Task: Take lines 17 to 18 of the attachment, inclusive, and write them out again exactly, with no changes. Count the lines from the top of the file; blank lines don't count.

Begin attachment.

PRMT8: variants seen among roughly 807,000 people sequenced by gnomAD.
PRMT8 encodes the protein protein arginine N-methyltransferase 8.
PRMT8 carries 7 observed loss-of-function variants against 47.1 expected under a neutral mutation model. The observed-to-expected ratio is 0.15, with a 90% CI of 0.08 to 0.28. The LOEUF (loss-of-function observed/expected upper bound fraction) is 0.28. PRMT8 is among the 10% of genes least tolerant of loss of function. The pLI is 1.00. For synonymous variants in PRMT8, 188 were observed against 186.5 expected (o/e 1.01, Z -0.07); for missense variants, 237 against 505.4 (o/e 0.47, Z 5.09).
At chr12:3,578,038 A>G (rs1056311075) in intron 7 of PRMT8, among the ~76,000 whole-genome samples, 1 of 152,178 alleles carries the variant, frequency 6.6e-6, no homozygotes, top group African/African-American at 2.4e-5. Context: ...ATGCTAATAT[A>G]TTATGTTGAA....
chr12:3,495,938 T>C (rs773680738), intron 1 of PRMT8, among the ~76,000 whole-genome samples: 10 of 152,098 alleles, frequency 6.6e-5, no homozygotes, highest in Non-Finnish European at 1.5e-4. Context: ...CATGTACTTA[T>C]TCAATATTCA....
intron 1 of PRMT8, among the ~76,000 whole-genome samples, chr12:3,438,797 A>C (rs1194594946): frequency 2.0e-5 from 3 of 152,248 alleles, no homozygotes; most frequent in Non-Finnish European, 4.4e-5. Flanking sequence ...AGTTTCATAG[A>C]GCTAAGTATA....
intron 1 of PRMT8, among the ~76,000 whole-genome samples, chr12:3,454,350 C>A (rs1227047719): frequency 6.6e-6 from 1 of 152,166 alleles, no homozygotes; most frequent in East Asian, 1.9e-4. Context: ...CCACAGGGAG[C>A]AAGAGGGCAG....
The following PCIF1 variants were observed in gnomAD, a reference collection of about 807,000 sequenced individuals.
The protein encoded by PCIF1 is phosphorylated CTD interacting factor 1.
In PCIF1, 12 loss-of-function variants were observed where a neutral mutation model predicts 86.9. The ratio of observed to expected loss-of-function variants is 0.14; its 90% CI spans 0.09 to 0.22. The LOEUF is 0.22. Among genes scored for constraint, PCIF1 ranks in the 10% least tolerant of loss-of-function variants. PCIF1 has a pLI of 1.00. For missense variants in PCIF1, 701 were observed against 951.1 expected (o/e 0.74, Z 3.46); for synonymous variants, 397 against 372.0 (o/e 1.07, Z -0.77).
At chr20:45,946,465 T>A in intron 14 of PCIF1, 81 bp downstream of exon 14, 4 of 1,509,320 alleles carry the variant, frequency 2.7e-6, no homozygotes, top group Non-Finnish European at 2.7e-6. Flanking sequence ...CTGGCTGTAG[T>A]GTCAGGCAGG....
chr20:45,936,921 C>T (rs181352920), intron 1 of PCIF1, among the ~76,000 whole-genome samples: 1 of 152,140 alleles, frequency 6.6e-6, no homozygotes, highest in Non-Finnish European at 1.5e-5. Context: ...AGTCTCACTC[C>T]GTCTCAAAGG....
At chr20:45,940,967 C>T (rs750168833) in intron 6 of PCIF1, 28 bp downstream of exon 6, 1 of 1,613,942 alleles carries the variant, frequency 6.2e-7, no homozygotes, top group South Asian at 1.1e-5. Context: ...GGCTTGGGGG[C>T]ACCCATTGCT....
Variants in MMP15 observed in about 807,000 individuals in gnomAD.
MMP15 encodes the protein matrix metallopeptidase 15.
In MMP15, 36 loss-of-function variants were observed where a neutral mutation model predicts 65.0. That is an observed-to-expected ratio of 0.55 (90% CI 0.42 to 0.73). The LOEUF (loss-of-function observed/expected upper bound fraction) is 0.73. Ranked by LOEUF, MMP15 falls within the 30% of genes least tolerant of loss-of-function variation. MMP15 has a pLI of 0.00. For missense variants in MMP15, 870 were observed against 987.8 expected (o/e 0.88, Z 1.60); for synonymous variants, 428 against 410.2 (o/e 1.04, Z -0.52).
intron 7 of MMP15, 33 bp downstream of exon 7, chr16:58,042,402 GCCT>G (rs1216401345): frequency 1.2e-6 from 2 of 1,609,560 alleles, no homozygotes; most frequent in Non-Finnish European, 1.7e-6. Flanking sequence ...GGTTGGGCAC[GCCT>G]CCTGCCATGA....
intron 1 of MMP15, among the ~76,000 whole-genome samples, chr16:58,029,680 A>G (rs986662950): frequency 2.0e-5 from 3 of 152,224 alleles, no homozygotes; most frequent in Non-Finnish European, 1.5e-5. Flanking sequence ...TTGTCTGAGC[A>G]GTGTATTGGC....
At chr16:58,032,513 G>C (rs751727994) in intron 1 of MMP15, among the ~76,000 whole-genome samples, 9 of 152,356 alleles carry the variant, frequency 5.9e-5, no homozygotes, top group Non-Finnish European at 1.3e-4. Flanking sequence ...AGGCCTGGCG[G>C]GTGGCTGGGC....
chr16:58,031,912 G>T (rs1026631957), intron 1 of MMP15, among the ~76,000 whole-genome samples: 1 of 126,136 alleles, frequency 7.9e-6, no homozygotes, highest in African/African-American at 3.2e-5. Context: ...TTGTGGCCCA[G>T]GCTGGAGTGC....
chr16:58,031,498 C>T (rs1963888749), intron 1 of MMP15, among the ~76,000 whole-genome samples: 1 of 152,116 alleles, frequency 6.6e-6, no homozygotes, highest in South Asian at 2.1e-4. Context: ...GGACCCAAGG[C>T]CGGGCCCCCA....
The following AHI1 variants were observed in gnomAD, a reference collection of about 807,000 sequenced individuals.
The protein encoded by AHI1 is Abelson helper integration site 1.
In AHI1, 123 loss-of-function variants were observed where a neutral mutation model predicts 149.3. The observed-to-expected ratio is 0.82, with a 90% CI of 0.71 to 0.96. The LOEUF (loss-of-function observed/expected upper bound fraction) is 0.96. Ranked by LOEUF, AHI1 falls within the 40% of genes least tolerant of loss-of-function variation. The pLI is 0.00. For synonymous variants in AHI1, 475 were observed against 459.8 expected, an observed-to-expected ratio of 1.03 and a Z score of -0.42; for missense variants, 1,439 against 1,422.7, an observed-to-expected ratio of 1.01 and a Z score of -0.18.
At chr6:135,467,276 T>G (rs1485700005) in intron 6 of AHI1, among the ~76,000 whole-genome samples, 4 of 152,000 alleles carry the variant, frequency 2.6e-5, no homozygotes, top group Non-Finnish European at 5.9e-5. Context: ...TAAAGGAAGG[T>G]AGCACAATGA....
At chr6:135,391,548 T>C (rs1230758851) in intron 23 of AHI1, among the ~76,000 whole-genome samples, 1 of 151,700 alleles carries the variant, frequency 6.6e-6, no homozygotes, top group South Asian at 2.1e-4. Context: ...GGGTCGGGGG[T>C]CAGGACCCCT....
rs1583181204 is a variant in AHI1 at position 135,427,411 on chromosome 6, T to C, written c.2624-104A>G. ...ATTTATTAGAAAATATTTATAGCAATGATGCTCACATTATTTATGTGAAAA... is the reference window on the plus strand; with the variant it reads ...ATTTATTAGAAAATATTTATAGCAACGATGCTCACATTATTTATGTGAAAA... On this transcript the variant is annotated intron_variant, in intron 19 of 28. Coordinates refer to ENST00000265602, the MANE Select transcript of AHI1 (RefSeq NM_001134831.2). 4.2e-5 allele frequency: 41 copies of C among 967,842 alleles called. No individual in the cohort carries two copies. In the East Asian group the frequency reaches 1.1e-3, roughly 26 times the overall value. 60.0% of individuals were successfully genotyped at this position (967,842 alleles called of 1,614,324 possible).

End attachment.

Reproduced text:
intron 7 of MMP15, 33 bp downstream of exon 7, chr16:58,042,402 GCCT>G (rs1216401345): frequency 1.2e-6 from 2 of 1,609,560 alleles, no homozygotes; most frequent in Non-Finnish European, 1.7e-6. Flanking sequence ...GGTTGGGCAC[GCCT>G]CCTGCCATGA....
intron 1 of MMP15, among the ~76,000 whole-genome samples, chr16:58,029,680 A>G (rs986662950): frequency 2.0e-5 from 3 of 152,224 alleles, no homozygotes; most frequent in Non-Finnish European, 1.5e-5. Flanking sequence ...TTGTCTGAGC[A>G]GTGTATTGGC....